(A side note, I was just cleaning out my dropbox and found folders and samples that I sent to more companies I could count – here’s a quick sampling… Aquent staffing, Big Fish Games, Blast Radius, Corestaff Staffing, The Creative Group (they gave me an iPad years later for a successful referral!), Creative Circle (never was contacted by a single human after my initial meeting… that was horrible), Filter staffing (they were AWESOME as well – got me at least one gig I remember), Free and Clear, Lantern Press, Old Navy, Penny Arcade, the Orting School District (I applied for a substitute custodian job when I was getting desperate), Smart Department (another great staffing firm, very personal), Wunderman, The Woodland Park Zoo, Scholastic, Rusty George Creative, Mobliss, Amazon.com, Elephants and Ants, The Hacker Group, HL2 (my first agency, hopefully they’d bring me back on), iClick, Paizo, Phinney Bischoff Design House (I bet they got mad at how often I emailed THEM!), POP, Razorfish Seattle, Real Arcade (I came SO CLOSE to landing an illustration job there), REI, The Seattle Repertory Theatre, Trident Foods, Washington Mutual (thank you Lord I didn’t get a job THERE in light of coming events!!!), Wild Tangent, Sporcle, Griot’s Garage, ZAAZ, etc. etc. etc… this list went on for TWO AND A HALF YEARS! It was so discouraging, but you know what amazed me?

As SOON AS I changed my title from Senior Designer or Graphic Designer to SENIOR UX DESIGNER the phone started ringing OFF THE HOOK! It was insane. I landed a short to long-term assignment with this great creative firm on Capitol Hill called Creature, then a contract gig as the creative lead designer for another company in the automotive space (which I had to cut short for non-competition) via a former creative director from back in my HLM/HL2 days), and then interviews for both Amazon.com and Identity Mine all in the same week.

As SOON AS I changed my title from Senior Designer or Graphic Designer to SENIOR UX DESIGNER the phone started ringing OFF THE HOOK!

And as I was going through LinkedIn’s weekly offerings of recommended jobs, I saw Cobalt. I considered them a bit, read the job description a few times, and passed it by. It sounded too technical for me, too “left brained”… but then the following week, on a whim, I hit submit. That night I got a call from their recruiter to have a phone interview with their Creative Director the next morning. This was as I was ON THE WAY IN to my first day at Creature. It was a crazy morning, but I took the interview, almost missed my bus, and thought I tanked that interview because I was so flustered…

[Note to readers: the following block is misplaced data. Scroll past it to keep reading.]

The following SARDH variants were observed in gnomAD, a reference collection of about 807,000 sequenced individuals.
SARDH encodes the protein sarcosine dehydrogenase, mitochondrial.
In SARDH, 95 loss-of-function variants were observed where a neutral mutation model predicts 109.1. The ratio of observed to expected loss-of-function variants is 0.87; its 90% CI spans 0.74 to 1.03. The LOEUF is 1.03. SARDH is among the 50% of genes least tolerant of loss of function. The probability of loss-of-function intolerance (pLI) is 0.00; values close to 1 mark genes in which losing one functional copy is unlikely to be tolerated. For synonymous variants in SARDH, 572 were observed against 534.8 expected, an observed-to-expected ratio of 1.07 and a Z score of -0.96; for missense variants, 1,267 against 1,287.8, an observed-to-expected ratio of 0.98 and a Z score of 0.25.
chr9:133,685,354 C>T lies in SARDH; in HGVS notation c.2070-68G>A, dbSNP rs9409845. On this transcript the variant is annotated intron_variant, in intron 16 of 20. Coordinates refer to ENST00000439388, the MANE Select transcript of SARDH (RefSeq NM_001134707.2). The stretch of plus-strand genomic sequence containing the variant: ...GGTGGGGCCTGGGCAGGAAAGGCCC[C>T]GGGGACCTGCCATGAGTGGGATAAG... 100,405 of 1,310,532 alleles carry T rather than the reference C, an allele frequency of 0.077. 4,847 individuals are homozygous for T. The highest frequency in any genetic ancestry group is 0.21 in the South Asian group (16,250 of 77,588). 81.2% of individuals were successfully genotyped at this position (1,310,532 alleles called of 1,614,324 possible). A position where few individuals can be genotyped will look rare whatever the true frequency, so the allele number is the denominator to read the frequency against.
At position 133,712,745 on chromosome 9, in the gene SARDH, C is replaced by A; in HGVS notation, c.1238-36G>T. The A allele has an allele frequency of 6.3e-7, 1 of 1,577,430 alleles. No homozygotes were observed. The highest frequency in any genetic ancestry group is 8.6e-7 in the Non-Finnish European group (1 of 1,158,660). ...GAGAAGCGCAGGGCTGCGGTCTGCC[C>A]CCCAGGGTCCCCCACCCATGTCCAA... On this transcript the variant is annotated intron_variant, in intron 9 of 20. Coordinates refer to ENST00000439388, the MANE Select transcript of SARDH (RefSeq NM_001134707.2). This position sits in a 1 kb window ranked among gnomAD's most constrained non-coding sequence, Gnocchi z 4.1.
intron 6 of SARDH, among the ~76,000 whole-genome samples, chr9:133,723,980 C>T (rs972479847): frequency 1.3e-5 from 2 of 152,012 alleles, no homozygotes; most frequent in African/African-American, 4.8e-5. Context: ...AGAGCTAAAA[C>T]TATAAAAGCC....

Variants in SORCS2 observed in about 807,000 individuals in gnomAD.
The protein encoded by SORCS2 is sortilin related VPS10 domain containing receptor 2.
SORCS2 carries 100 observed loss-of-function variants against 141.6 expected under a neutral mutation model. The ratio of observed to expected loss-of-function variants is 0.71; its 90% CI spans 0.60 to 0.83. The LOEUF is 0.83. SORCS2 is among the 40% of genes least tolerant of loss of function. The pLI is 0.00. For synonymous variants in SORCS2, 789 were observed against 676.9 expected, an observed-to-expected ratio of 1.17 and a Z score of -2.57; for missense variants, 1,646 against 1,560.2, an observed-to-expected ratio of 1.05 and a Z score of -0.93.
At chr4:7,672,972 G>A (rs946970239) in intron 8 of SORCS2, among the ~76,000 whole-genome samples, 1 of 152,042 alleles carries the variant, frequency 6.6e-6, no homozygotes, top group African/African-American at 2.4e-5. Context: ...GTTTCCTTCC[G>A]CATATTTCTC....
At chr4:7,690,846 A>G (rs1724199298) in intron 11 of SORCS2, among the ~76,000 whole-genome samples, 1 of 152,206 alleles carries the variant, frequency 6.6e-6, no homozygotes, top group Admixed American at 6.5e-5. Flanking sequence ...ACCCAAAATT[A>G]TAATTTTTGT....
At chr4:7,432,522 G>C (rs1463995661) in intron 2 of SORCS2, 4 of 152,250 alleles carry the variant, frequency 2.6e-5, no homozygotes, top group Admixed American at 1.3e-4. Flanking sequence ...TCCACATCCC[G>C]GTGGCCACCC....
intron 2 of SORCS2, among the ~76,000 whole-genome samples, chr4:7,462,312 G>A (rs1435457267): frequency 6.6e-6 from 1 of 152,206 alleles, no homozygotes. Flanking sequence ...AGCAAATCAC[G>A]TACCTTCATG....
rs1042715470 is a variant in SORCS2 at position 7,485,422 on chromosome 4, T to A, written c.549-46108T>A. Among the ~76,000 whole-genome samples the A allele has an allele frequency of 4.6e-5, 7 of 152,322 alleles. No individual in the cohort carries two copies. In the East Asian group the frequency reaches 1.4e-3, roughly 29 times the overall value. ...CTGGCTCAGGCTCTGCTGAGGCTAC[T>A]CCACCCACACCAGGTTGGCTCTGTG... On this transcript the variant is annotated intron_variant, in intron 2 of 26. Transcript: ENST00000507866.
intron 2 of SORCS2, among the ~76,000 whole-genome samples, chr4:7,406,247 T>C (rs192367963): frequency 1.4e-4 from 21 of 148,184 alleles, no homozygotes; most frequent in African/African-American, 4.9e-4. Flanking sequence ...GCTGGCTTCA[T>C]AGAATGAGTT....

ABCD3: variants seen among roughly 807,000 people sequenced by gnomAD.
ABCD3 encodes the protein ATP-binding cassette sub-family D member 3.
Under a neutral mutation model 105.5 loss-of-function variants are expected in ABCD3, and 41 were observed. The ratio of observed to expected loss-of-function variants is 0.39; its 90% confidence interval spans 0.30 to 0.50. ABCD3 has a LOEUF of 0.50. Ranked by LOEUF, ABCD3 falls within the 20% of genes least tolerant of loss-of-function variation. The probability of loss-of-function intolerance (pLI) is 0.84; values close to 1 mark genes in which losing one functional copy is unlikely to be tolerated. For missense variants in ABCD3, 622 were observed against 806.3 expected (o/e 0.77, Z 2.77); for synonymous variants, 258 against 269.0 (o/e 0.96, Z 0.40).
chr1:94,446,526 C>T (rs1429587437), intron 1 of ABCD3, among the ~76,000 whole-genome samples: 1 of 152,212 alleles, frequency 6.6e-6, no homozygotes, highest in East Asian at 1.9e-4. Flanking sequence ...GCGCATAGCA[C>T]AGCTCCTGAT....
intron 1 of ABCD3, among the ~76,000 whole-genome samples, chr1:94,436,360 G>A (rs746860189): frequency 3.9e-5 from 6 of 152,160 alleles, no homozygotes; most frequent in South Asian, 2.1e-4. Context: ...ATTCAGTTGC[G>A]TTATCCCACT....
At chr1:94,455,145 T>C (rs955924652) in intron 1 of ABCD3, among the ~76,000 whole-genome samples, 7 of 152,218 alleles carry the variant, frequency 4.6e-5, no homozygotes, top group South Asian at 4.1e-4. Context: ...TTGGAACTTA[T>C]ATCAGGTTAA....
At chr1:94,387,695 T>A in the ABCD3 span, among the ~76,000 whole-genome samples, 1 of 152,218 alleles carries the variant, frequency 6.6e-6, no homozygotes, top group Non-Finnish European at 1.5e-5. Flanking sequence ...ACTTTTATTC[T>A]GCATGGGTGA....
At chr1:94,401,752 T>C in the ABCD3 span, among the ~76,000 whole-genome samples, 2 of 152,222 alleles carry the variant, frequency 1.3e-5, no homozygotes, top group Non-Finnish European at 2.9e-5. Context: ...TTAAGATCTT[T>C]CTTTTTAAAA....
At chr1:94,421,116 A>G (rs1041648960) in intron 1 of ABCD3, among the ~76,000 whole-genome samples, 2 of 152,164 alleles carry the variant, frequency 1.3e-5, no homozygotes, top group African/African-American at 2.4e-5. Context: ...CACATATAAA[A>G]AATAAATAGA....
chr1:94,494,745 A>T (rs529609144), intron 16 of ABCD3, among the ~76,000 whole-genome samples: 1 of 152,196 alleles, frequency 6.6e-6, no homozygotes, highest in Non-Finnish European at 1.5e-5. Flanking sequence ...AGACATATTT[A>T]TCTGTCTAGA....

But that afternoon, I got a call back from Cobalt. They asked if I could come in and interview in person. At the end of that interview at the end of the day, they presented me an offer. THAT FAST! I jumped on it. Now that was over a year ago, I’m back to the steady paycheck, and I learned a HUGE lesson in faith (making ends meet, avoiding foreclosure), in networking, in hard work (many a late night) but MOST OF ALL, in PERSEVERANCE.

I knew what I wanted and set my eyes on the goal.

I knew what I wanted and set my eyes on the goal. I knew I had a family to provide for, and despite loving the non-structure of freelancing, I couldn’t be selfish. I had to go back to work “for the man.” But it’s okay. In fact, it’s been awesome! I can still keep all my existing freelance clients, I do work for them on the train ride in and out of the office or at night, and I’ve gotten to do some amazing stuff with the wonderful team at Cobalt!

Thanks Lord for, as my wife says, taking everything we wanted, and then some, wrapping it up in silver and putting a huge bow on it, and saying “here, take it”. And I’m so glad I did, because like I said earlier… UNEMPLOYMENT SUCKS.

(PS: I don’t say that to make you feel bad if you’ve lost your job, but to motivate you to try what I did. In the end, I made it with the Lord’s help, and so can you!)

 


Thoughts? Hit me up on Twitter at @robchristianson and let me know what you think.

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2 Replies to “Unemployment sucks. (or How I Freelanced in a Crappy Economy)”

  1. Hey, Rob, thank you for sharing this post. It was the motivation I needed to step up my game when looking for work.

    I have a young child who will be entering pre-school soon and the cost of a private education here in Nevada is pricey, but necessary. We are ranked 48th in education in the U.S.

    I have a couple of years left to build up my freelance business before Kindergarten rolls around, but I feel the urgency to start creating momentum now so that we have the income necessary to send her to a good school.

    Anyway, I wanted to wish you all the best in your latest job. I hope the Lord continues to bless you and your family. :0)

  2. Anytime Jim! Yes, I left out the long-term contract I took with VoteIQ, a new social networking startup in the political space. That was a wild ride, I love the energy of startups… They have since leveraged their Social Media platform and offer it for companies to launch their own targeted social media community – if anyone out there is interested, check out http://www.iq-technologies.com. It’s like the best of Facebook, Tumblr, Twitter and YouTube all rolled into one!